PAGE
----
## Introduction

Little Endian and Big endian are two ways of storing multi-byte data-types ( int, float, etc) in computers. There are 32 bits in the four bytes and 32 bits in the pattern, but a choice has to be made about which byte of memory gets what part of the pattern. There are two ways that computers commonly do this:

• Big Endian
• Little Endian

## Big Endian

The most significant byte (Big End) of the data is placed at the byte with the lowest address. The rest of the data is placed in order in the memory. In other words the byte with the most significant bits is first stored , that is at the lowest memory address.

## Little Endian

The least significant byte (Little End) of the data is placed at the byte with the lowest address. The rest of the data is placed in order in the memory. In other words the byte with the least significant bits is stored in the smallest memory address.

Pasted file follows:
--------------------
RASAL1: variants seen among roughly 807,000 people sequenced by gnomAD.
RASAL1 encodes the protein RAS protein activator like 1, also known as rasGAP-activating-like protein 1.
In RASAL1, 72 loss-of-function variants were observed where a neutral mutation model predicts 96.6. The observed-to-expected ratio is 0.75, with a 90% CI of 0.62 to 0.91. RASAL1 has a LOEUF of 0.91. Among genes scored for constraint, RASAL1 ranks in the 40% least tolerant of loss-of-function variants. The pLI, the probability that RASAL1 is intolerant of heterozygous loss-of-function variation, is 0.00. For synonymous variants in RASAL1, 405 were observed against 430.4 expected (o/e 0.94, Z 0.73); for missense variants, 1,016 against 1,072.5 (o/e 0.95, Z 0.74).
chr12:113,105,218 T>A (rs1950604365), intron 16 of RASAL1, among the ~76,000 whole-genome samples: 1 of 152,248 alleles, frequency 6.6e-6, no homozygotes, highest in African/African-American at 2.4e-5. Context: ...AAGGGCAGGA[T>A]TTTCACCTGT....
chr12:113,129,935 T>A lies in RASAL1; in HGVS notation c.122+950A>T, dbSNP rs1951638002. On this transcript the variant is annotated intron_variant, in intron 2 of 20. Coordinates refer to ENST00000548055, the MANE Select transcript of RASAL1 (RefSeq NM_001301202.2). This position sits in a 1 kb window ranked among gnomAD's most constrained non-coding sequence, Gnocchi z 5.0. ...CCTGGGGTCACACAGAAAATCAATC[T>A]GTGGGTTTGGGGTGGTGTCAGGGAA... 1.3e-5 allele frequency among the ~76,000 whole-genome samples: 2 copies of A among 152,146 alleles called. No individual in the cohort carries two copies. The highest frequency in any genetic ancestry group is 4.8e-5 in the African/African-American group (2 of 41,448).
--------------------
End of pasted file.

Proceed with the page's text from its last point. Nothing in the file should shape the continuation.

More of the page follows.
## Example

In the below image, 32-bit pattern unsigned number 0x12345678 is stored at address 0x00000000. The most significant byte is 0x12 and the least significant is 0x78. Within a byte the order of the bits is the same for all computers.

Below is a sample C code that shows the byte representation of integer data type of the machine it is executed on.

#include <stdio.h>

// Function to show bytes in memory
void print_bytes(char *start, int numBytes) {

for (int i = 0; i < numBytes; i++){
printf("Address : %p, Byte : %x\n", &start[i], start[i]);
}
}

int main(){

int i = 0x12345678;
print_bytes((char *)&i, sizeof(i));
return 0;
}

// Program Output
Address : 0xffffcbcc, Byte : 78
Address : 0xffffcbcd, Byte : 56
Address : 0xffffcbce, Byte : 34
Address : 0xffffcbcf, Byte : 12

Endianness